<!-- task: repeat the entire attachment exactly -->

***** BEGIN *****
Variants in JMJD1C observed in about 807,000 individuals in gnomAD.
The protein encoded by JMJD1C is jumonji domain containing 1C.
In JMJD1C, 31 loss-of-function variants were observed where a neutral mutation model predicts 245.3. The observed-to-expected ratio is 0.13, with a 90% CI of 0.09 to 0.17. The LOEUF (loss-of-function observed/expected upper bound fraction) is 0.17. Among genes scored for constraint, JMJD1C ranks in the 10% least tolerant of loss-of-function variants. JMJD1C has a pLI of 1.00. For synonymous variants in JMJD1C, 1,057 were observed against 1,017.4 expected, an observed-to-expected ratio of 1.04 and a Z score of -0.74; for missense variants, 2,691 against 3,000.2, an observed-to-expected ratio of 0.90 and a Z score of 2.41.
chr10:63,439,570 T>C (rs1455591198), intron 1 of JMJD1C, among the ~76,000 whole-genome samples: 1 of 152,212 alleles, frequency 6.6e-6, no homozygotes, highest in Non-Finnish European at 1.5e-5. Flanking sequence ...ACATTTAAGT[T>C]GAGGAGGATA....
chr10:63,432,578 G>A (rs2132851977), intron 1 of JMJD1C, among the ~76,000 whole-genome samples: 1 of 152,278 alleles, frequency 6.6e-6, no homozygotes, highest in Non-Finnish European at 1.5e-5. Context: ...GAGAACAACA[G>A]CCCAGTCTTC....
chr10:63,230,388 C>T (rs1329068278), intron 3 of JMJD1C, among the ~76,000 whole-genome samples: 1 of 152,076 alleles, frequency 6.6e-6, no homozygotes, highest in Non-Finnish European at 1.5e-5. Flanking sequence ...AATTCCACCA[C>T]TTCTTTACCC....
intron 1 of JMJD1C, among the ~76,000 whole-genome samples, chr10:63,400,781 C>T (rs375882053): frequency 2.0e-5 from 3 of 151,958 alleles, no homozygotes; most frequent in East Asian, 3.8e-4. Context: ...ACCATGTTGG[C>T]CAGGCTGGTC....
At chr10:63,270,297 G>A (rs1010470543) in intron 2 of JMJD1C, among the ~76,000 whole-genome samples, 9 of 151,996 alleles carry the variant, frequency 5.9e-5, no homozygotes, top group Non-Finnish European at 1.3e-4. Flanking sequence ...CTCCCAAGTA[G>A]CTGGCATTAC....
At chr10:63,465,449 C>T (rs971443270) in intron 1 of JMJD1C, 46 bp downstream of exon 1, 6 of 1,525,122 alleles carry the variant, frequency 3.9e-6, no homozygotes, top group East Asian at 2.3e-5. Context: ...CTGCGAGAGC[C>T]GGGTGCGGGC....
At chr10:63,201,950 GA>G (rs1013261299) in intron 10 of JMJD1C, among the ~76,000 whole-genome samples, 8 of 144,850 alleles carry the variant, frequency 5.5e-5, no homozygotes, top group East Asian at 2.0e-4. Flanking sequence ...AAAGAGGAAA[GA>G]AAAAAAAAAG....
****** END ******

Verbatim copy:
Variants in JMJD1C observed in about 807,000 individuals in gnomAD.
The protein encoded by JMJD1C is jumonji domain containing 1C.
In JMJD1C, 31 loss-of-function variants were observed where a neutral mutation model predicts 245.3. The observed-to-expected ratio is 0.13, with a 90% CI of 0.09 to 0.17. The LOEUF (loss-of-function observed/expected upper bound fraction) is 0.17. Among genes scored for constraint, JMJD1C ranks in the 10% least tolerant of loss-of-function variants. JMJD1C has a pLI of 1.00. For synonymous variants in JMJD1C, 1,057 were observed against 1,017.4 expected, an observed-to-expected ratio of 1.04 and a Z score of -0.74; for missense variants, 2,691 against 3,000.2, an observed-to-expected ratio of 0.90 and a Z score of 2.41.
chr10:63,439,570 T>C (rs1455591198), intron 1 of JMJD1C, among the ~76,000 whole-genome samples: 1 of 152,212 alleles, frequency 6.6e-6, no homozygotes, highest in Non-Finnish European at 1.5e-5. Flanking sequence ...ACATTTAAGT[T>C]GAGGAGGATA....
chr10:63,432,578 G>A (rs2132851977), intron 1 of JMJD1C, among the ~76,000 whole-genome samples: 1 of 152,278 alleles, frequency 6.6e-6, no homozygotes, highest in Non-Finnish European at 1.5e-5. Context: ...GAGAACAACA[G>A]CCCAGTCTTC....
chr10:63,230,388 C>T (rs1329068278), intron 3 of JMJD1C, among the ~76,000 whole-genome samples: 1 of 152,076 alleles, frequency 6.6e-6, no homozygotes, highest in Non-Finnish European at 1.5e-5. Flanking sequence ...AATTCCACCA[C>T]TTCTTTACCC....
intron 1 of JMJD1C, among the ~76,000 whole-genome samples, chr10:63,400,781 C>T (rs375882053): frequency 2.0e-5 from 3 of 151,958 alleles, no homozygotes; most frequent in East Asian, 3.8e-4. Context: ...ACCATGTTGG[C>T]CAGGCTGGTC....
At chr10:63,270,297 G>A (rs1010470543) in intron 2 of JMJD1C, among the ~76,000 whole-genome samples, 9 of 151,996 alleles carry the variant, frequency 5.9e-5, no homozygotes, top group Non-Finnish European at 1.3e-4. Flanking sequence ...CTCCCAAGTA[G>A]CTGGCATTAC....
At chr10:63,465,449 C>T (rs971443270) in intron 1 of JMJD1C, 46 bp downstream of exon 1, 6 of 1,525,122 alleles carry the variant, frequency 3.9e-6, no homozygotes, top group East Asian at 2.3e-5. Context: ...CTGCGAGAGC[C>T]GGGTGCGGGC....
At chr10:63,201,950 GA>G (rs1013261299) in intron 10 of JMJD1C, among the ~76,000 whole-genome samples, 8 of 144,850 alleles carry the variant, frequency 5.5e-5, no homozygotes, top group East Asian at 2.0e-4. Flanking sequence ...AAAGAGGAAA[GA>G]AAAAAAAAAG....